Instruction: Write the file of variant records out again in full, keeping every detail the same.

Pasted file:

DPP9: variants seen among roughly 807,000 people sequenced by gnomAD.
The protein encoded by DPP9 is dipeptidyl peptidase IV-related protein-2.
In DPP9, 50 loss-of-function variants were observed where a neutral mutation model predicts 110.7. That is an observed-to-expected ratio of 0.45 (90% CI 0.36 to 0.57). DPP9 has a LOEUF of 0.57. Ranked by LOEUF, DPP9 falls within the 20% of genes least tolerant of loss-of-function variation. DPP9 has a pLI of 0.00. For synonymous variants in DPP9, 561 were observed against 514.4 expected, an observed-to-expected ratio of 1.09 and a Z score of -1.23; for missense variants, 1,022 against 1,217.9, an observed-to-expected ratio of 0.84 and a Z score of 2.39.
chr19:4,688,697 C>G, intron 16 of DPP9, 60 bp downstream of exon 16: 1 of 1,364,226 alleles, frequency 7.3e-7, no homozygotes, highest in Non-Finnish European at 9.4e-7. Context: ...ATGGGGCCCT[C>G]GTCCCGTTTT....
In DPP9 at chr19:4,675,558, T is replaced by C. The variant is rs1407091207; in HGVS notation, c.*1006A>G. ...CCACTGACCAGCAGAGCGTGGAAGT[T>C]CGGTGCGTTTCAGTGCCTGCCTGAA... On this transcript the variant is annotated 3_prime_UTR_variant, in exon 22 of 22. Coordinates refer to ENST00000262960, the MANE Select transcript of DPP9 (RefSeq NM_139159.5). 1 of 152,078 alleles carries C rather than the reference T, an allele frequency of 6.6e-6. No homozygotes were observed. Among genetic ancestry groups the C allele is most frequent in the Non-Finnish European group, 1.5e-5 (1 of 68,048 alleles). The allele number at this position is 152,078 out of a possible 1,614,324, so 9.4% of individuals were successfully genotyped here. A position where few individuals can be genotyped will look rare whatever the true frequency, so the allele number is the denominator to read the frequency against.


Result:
DPP9: variants seen among roughly 807,000 people sequenced by gnomAD.
The protein encoded by DPP9 is dipeptidyl peptidase IV-related protein-2.
In DPP9, 50 loss-of-function variants were observed where a neutral mutation model predicts 110.7. That is an observed-to-expected ratio of 0.45 (90% CI 0.36 to 0.57). DPP9 has a LOEUF of 0.57. Ranked by LOEUF, DPP9 falls within the 20% of genes least tolerant of loss-of-function variation. DPP9 has a pLI of 0.00. For synonymous variants in DPP9, 561 were observed against 514.4 expected, an observed-to-expected ratio of 1.09 and a Z score of -1.23; for missense variants, 1,022 against 1,217.9, an observed-to-expected ratio of 0.84 and a Z score of 2.39.
chr19:4,688,697 C>G, intron 16 of DPP9, 60 bp downstream of exon 16: 1 of 1,364,226 alleles, frequency 7.3e-7, no homozygotes, highest in Non-Finnish European at 9.4e-7. Context: ...ATGGGGCCCT[C>G]GTCCCGTTTT....
In DPP9 at chr19:4,675,558, T is replaced by C. The variant is rs1407091207; in HGVS notation, c.*1006A>G. ...CCACTGACCAGCAGAGCGTGGAAGT[T>C]CGGTGCGTTTCAGTGCCTGCCTGAA... On this transcript the variant is annotated 3_prime_UTR_variant, in exon 22 of 22. Coordinates refer to ENST00000262960, the MANE Select transcript of DPP9 (RefSeq NM_139159.5). 1 of 152,078 alleles carries C rather than the reference T, an allele frequency of 6.6e-6. No homozygotes were observed. Among genetic ancestry groups the C allele is most frequent in the Non-Finnish European group, 1.5e-5 (1 of 68,048 alleles). The allele number at this position is 152,078 out of a possible 1,614,324, so 9.4% of individuals were successfully genotyped here. A position where few individuals can be genotyped will look rare whatever the true frequency, so the allele number is the denominator to read the frequency against.